On 17 March 2010 23:47, HZ <hzen...@gmail.com> wrote:
> I'm quite confused about the state of zombieness. If the requirement
> for zombiehood is that it doesn't understand anything at all but it
> behaves as if it does what makes us not zombies? How do we not we are
> not? But more importantly, are there known cases of zombies? Perhaps a
> silly question because it might be just a thought experiment but if
> so, I wonder on what evidence one is so freely speaking about,
> specially when connected to cognition for which we now (should) know
> more. The questions seem related because either we don't know whether
> we are zombies or one can solve the problem of zombie identification.
> I guess I'm new in the zombieness business.

*I* know with absolute certainty that I am not a zombie, but I don't
know if anyone else is. It is just a philosophical idea: there are no
known cases of zombies, and we could never know if there are. Some
philosophers of mind, such as Daniel Dennett (who has said that they
are an embarrassment to philosophy) don't believe that zombies are
even conceptually possible. This attitude goes along with an
epiphenomenal view of consciousness as a necessary side-effect of
intelligent behaviour.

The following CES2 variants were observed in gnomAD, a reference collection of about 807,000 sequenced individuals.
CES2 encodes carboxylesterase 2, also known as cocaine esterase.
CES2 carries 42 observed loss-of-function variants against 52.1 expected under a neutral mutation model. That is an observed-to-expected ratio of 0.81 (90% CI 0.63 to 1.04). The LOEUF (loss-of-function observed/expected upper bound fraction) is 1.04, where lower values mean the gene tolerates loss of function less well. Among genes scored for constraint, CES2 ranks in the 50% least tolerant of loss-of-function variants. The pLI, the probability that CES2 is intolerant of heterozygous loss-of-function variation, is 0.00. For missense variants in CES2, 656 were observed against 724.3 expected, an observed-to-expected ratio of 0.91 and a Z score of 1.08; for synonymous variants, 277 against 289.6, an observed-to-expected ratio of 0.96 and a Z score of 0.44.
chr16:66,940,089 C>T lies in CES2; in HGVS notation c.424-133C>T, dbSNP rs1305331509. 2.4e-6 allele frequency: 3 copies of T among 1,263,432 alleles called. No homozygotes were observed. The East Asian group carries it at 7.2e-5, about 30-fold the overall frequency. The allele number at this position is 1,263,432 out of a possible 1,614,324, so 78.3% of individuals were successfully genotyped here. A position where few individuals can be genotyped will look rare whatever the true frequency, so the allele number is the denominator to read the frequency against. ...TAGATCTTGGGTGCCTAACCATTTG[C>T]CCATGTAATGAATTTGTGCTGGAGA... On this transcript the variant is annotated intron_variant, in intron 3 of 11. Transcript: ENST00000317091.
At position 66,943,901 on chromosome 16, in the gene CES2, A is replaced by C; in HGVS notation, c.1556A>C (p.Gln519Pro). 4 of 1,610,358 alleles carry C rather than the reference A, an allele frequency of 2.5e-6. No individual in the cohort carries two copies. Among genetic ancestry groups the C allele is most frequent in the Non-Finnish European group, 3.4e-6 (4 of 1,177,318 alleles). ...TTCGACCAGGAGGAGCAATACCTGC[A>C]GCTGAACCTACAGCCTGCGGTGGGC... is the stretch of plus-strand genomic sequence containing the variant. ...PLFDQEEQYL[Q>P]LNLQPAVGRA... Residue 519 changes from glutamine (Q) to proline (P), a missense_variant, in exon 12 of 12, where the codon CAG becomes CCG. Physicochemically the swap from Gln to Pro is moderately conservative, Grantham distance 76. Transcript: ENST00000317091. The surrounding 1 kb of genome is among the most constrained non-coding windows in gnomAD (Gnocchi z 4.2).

The "fading qualia" argument we have been discussing is due to David Chalmers:

http://cogprints.org/318/0/qualia.html

It purports to show that functionally equivalent zombie brain
components are impossible. Chalmers, unlike Dennett, still believes
that zombies are conceptually possible, although he thinks they are
probably physically impossible.

> But leaving the zombie definition and identification apart, I think
> current science would/should see no difference between consciousness
> and cognition, the former is an emergent property of the latter, and
> just as there are levels of cognition there are levels of
> consciousness. Between the human being and other animals there is a
> wide gradation of levels, it is not that any other animal lacks of
> 'qualia'. Perhaps there is an upper level defined by computational
> limits and as such once reached that limit one just remains there, but
> consciousness seems to depend on the complexity of the brain (size,
> convolutions or whatever provides the full power) but not disconnected
> to cognition. In this view only damaging the cognitive capacities of a
> person would damage its 'qualia', while its 'qualia' could not get
> damaged but by damaging the brain which will likewise damage the
> cognitive capabilities. In other words, there seems to be no
> cognition/consciousness duality as long as there is no brain/mind one.
> The use of the term 'qualia' here looks like a remake of the mind/body
> problem.

Yes, that's what it is: the mind-brain problem.


-- 
Stathis Papaioannou

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